14 February 2024

Webinar Q&A: WWF and MAS on 'green' central banking and regulation

Regulators are bolstering their work on transition planning and nature as they look to support the transition to net zero, Annabelle Palmer reports

After a recent webinar on what central banks, financial regulators, and other relevant stakeholders can do to deliver net-zero and nature-positive outcomes, Environmental Finance selected audience questions to pose to webinar speakers Goh Gek Choo from the Monetary Authority of Singapore (MAS) and Maud Abdelli and Siti Kholifatul Rizkiah from WWF.

The webinar, 'Navigating the green shift: overcoming challenges in climate and nature transition finance' was run in partnership with WWF and discussed the findings of WWF's 2023 Sustainable Financial Regulations and Central Bank Activities (SUSREG) Tracker.

WWF evaluated progress on the integration of environmental and social risks into central banking, financial regulation and supervision activities in 47 countries which together represent over 88% of global GDP, 72% of global GHG emissions and 11 of the 17 most biodiversity-rich countries in the world.

While notable progress has been made, serious gaps remain, and progress is uneven, WWF found.

You can watch the webinar on demand here.

Key takeaways from the webinar include:

  • Countries have made strides in enhancing their banking and insurance supervision. In 2021, the average SUSREG fulfilment of climate banking supervision was 33%, and it has now increased to 45% in 2023. Similarly, insurance supervision taking into account climate risk has shown progress, with a fulfilment increase from 27% in 2022 (where the assessment started) to 37% in 2023.
  • However, progress varies among countries, and significant gaps persist. In 20 countries with net-zero targets covered by SUSREG, weak climate financial supervision is evident. Moreover, supervision concerning nature risks is notably negligent compared with climate risks.
  • Due to a number of reasons. Unlike climate change, nature risks lack a single measurement metric, and their site-specific nature leads to unevenly distributed impacts, prompting diverse responses and data challenges.
  • Financial regulators address climate change and nature loss through the lens of financial risks and would require robust models and data to credibly quantify these risks. A precautionary financial policy mindset acknowledges the importance of measuring risks while emphasising preventive action in the face of uncertain and potentially catastrophic environmental threats. This entails using available micro and macro-prudential supervision tools to enhance resilience of the financial sector to environmental risk, while continuing to work on improving existing data and methodologies.

The responses to a selection of audience questions are below.

Question: If a central bank/supervisor concludes that their market is misaligned with global climate and nature goals, what can they do – especially to disincentivise negative economic activities?

Siti Kholifatul RizkiahSiti Kholifatul Rizkiah: There are many ways in which a central bank/financial supervisor can take action to disincentivise capital flowing to harmful economic activities.

Firstly, they should publish their own transition plan that covers a strategy and implementation plan for the whole financial sector to achieve climate and nature targets.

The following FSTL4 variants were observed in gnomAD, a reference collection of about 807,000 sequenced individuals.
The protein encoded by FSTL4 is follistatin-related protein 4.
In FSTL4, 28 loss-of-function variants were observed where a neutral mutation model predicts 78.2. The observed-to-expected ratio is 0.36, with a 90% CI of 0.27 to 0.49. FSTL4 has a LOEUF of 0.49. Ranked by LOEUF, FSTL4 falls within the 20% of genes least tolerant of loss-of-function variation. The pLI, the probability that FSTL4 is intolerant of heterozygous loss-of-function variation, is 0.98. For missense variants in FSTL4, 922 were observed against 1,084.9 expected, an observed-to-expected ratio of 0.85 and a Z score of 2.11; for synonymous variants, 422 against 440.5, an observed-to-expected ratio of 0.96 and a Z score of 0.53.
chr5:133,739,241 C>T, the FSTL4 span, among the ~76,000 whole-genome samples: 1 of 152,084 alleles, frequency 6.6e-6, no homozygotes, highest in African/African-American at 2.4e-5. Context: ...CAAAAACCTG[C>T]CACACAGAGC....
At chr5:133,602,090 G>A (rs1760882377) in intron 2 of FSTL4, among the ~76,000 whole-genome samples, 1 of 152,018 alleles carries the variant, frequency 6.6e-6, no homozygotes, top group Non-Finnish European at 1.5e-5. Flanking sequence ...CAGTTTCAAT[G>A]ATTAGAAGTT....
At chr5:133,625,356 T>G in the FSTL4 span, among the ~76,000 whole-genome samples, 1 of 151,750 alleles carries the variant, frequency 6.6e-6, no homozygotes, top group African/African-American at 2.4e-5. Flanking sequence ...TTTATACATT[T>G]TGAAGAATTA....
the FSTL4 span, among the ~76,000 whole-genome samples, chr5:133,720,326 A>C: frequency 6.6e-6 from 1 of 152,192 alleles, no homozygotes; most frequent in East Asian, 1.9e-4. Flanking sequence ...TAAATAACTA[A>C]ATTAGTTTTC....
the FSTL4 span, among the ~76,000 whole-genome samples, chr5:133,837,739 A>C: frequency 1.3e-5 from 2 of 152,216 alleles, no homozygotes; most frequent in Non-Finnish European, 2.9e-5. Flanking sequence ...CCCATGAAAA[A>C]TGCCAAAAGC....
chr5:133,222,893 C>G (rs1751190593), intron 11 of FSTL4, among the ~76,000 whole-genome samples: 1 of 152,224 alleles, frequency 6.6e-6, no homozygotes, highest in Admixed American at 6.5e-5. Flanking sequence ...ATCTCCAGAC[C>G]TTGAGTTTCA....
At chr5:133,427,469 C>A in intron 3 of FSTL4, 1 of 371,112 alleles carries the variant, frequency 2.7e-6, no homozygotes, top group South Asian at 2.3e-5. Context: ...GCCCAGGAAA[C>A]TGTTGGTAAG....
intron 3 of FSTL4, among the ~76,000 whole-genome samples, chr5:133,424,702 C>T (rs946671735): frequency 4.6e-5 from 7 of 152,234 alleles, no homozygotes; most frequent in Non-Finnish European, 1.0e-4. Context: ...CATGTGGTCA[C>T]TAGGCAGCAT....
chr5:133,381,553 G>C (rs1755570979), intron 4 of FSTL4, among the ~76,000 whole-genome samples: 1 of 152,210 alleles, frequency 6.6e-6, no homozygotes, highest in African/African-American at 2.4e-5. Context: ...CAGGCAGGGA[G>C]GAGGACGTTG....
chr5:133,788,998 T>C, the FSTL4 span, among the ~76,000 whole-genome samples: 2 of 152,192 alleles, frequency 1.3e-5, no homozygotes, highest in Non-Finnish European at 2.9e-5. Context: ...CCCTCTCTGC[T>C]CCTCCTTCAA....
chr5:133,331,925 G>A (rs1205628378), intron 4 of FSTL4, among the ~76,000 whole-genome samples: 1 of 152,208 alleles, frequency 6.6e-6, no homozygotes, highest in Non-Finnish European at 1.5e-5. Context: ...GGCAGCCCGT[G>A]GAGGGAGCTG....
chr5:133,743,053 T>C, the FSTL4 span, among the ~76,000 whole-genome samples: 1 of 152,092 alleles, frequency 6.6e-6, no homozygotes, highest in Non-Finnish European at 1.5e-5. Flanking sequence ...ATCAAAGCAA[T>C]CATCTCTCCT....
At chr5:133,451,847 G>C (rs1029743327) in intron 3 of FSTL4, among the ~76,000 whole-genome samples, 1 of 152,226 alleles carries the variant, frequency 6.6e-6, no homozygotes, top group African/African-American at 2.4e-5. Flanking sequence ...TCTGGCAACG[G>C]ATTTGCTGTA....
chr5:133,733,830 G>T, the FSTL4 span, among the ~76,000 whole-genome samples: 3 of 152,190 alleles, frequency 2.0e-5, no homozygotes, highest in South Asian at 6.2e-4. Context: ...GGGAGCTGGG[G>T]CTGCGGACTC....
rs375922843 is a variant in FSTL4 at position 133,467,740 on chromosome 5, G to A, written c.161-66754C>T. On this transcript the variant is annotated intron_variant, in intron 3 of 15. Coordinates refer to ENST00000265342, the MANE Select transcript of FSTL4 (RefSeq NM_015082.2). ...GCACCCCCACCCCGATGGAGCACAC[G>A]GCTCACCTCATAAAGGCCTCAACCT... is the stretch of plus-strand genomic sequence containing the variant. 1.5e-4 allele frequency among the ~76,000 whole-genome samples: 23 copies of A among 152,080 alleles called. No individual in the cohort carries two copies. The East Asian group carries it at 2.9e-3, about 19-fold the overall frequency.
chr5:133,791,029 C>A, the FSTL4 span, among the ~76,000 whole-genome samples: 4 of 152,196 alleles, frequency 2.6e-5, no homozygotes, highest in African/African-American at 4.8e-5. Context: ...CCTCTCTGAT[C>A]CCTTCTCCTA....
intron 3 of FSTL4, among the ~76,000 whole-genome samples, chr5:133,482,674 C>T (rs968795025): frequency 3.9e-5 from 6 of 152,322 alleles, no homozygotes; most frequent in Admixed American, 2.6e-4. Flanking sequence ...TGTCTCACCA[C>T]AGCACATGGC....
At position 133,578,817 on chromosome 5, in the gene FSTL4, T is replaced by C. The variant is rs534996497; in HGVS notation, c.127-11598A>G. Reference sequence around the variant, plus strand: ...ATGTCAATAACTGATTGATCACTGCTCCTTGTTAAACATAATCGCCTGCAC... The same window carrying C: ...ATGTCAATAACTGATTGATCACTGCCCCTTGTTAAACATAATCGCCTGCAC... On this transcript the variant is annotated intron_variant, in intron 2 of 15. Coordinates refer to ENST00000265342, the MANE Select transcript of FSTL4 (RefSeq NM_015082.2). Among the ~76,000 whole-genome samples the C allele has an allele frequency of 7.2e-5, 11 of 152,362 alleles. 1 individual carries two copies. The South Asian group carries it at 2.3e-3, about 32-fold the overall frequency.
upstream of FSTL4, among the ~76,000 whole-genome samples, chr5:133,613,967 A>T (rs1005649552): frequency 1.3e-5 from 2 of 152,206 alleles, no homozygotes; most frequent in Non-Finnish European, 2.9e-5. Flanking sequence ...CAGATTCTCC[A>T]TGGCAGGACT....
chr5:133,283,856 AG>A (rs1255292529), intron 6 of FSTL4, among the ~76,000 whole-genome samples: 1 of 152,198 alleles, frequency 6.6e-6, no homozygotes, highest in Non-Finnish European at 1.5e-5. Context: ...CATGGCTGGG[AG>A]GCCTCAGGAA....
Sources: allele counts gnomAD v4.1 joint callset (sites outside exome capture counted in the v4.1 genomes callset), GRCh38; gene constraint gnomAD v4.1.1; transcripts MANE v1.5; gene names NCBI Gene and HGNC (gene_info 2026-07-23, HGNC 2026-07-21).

Next, they can utilise several supervisory tools such as charging higher capital for lending to high emitting and harmful sectors, setting exposure and concentration limits to these harmful sectors, as well as requiring financial institutions to put in place internal climate and nature targets with periodic monitoring. This would require them to adjust their portfolio accordingly and disclose their transition plan on how financial institutions can adjust any misalignment.

Lastly, central banks and financial supervisors should also periodically monitor the alignment of their supervised entities with the Paris agreement and Kunming-Montreal Global Biodiversity goals and conduct the necessary corrective actions including guidance, penalties, or changes in their strategies to ensure compliance with global sustainability goals.

Q: For financial institutions, transition planning relies on transparent disclosure of their impact, dependencies, and transition plans from real economy corporates. Financial institutions also need a framework to assess the credibility of a corporates' transition plan. Do you think these statements are true? Is there a gap in these two areas? If so, without transparent information from corporates and without an assessment framework, how would you advise the financial institutions conduct their transition planning?

Gek Choo: Last year, MAS issued a consultation on a set of guidelines on transition planning. In the consultation, we have defined transition planning as the internal strategic planning and risk management processes undertaken to prepare for both risks and potential changes in business models associated with the transition.

Our focus on transition planning stems from our interest to see financial institutions walk the talk, and to establish processes to engender sound business decisions and risk management practices. Under the proposed guidelines, we set out three key expectations: Engage, Explain and Encompass.

  • Engage, and not divest: Financial institutions should engage and enable their customers and investee companies to transition in an orderly manner. Divesting should not be the first option because this hinders companies with credible transition and adaptation plans from securing the financing they need to make the transition. Through such engagement of their real economy customers, a financial institution would also have the opportunity to collect additional information that is needed for its transition planning.
  • Explain, to be accountable to stakeholders: From time to time, supporting transitioning customers or investee companies may result in higher interim carbon emissions. A real gap may also arise between planned and actual emissions when targets are missed. These should not deter financial institutions from facilitating the needed transition of the real economy. But when a gap happens, financial institutions should provide clear disclosures and explanations to help correct any market misperceptions that they have departed from their stated risk appetites or commitments. Financial institutions should also share the steps they are taking in response.

We have seen some financial institutions using science-based pathways as the reference scenario for setting emissions targets and engaging their customers, such as the IEA Net Zero Roadmap. However, sectoral pathways that are global in scope may not apply well to every region. Financial institutions operating in emerging markets such as in Asia can benefit from more contextualised pathways, especially for sectors such as power generation where the nature and pace of transition will differ markedly across regions and countries.

  • Encompass all risks: In addition to climate risk, financial institutions have to address nature-related risks as an interconnected risk. There can be important inter-dependencies between climate and nature as well as the potential trade-offs such as environmental degradation arising from pursuing climate solutions. Financial institutions need to start to factor nature-related risk considerations sooner rather than later.